“They bowed their heads and worshiped the LORD,” they were engaged fully with the teaching of God's Word. See, true preaching promotes worship. True preaching promotes worship. It promoted humility. It promoted an agreement that God is great. “Amen” means, “and so be it.” Right? We agree with this truth that is coming. That's why they shouted, “Amen!” Not just because they were excited, it's an agreement with what's going on. When the Word of God is taught, it causes God's people to worship. It's one of the reasons why we close our service with music to provide another opportunity, another element of response to God in worship, after you've heard the Word preached.
Another thing, look in Nehemiah 8:7-8. And this is the most engaging for me. There's 13 men there, I won't read their names, and the Levites. They “helped the people to understand the Law, while the people remained in their places.” So not getting out running around, dancing in the aisles, that kind of thing. [Nehemiah 8:8] “They read from the book, from the Law of God, clearly, and they gave the sense, so that the people understood the reading.” That is the purpose of godly preaching, right there, “so that the people understood.” If you go away from a message, my message or anyone else's, and you go, “Wow, that was amazing. I have no idea how he got that.” Then you have just heard an unbiblical sermon (you might have been checked out, we'll leave that out there). But you might have just heard an unbiblical sermon. He's reading from the law of God, clearly. And they gave the sense, that's they exposed the meaning. This is Old Testament expository preaching, on a stage.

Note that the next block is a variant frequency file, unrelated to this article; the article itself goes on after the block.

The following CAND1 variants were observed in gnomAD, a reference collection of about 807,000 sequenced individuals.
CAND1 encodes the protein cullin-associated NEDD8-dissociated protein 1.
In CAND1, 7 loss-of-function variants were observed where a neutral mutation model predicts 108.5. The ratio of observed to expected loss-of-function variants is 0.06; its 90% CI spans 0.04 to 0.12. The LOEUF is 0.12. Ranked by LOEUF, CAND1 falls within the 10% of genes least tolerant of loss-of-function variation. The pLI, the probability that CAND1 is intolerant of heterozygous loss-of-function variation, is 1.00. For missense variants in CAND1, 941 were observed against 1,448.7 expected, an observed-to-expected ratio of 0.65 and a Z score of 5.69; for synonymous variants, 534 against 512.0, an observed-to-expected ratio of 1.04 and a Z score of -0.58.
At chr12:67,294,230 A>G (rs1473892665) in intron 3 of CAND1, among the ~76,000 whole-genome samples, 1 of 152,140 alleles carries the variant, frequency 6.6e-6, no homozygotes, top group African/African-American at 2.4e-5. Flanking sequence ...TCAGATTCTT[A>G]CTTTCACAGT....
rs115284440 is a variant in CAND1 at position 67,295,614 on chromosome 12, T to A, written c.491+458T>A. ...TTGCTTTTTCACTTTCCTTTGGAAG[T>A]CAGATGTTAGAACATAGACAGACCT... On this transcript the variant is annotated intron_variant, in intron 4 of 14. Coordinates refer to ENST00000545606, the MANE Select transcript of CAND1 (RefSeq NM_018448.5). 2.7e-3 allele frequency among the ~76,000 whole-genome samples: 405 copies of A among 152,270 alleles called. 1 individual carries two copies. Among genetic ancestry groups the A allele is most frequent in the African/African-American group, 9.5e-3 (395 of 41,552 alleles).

I remember when I first came to Grace Bible Church about nine years ago, we were meeting in a middle school and the question was, “Should we put the pulpit on the floor or on the school stage?” And somebody said, “Well, I think if you put it on the stage, it looks like it's a performance.” I said, “Have you ever read Nehemiah chapter eight, they built a wooden platform just for the occasion, so that he was above the people. So you could see there's a practicality there.” See, the goal of church is to transform you into true worshipers of God. That cannot happen if we don't understand the Word. So the goal of the sermon is to help you understand the Word, live the Word, and share the Word.